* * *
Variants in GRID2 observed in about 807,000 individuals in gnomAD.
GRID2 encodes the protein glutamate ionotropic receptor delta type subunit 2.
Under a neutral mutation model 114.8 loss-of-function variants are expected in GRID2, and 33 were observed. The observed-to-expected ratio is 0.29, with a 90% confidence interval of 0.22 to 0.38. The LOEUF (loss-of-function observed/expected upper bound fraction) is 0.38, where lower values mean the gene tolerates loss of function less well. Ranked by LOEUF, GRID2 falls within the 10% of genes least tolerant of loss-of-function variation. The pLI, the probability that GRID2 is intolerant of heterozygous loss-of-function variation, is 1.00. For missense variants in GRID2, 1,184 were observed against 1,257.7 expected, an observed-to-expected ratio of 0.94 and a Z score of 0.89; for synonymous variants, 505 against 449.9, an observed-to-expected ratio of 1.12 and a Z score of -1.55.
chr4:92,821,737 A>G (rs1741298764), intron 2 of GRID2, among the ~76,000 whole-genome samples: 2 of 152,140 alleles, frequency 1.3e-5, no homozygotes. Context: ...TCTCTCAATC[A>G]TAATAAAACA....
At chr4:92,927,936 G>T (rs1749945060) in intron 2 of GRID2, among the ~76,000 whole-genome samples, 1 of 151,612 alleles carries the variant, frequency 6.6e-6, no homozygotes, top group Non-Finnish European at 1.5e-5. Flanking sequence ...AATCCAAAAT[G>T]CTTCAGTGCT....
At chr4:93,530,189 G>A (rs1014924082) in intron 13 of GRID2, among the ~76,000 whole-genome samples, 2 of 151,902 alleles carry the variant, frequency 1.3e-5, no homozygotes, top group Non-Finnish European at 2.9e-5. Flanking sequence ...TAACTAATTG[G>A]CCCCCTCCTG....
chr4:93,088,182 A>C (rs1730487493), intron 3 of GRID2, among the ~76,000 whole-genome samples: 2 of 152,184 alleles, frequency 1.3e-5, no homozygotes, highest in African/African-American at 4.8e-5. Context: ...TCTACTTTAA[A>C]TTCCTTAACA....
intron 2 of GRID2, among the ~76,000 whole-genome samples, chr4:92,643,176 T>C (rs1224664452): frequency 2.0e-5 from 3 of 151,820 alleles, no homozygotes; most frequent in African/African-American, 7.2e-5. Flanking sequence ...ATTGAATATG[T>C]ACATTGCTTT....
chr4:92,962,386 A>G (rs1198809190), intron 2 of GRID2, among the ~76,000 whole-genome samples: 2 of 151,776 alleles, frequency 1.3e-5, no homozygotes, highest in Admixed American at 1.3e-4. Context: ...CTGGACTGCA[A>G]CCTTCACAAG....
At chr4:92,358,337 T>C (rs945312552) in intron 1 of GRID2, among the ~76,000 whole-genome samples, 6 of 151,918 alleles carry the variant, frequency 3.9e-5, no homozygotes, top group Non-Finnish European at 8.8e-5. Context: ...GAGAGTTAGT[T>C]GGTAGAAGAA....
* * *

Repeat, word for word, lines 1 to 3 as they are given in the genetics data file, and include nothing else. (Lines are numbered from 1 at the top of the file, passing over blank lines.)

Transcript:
Variants in GRID2 observed in about 807,000 individuals in gnomAD.
GRID2 encodes the protein glutamate ionotropic receptor delta type subunit 2.
Under a neutral mutation model 114.8 loss-of-function variants are expected in GRID2, and 33 were observed. The observed-to-expected ratio is 0.29, with a 90% confidence interval of 0.22 to 0.38. The LOEUF (loss-of-function observed/expected upper bound fraction) is 0.38, where lower values mean the gene tolerates loss of function less well. Ranked by LOEUF, GRID2 falls within the 10% of genes least tolerant of loss-of-function variation. The pLI, the probability that GRID2 is intolerant of heterozygous loss-of-function variation, is 1.00. For missense variants in GRID2, 1,184 were observed against 1,257.7 expected, an observed-to-expected ratio of 0.94 and a Z score of 0.89; for synonymous variants, 505 against 449.9, an observed-to-expected ratio of 1.12 and a Z score of -1.55.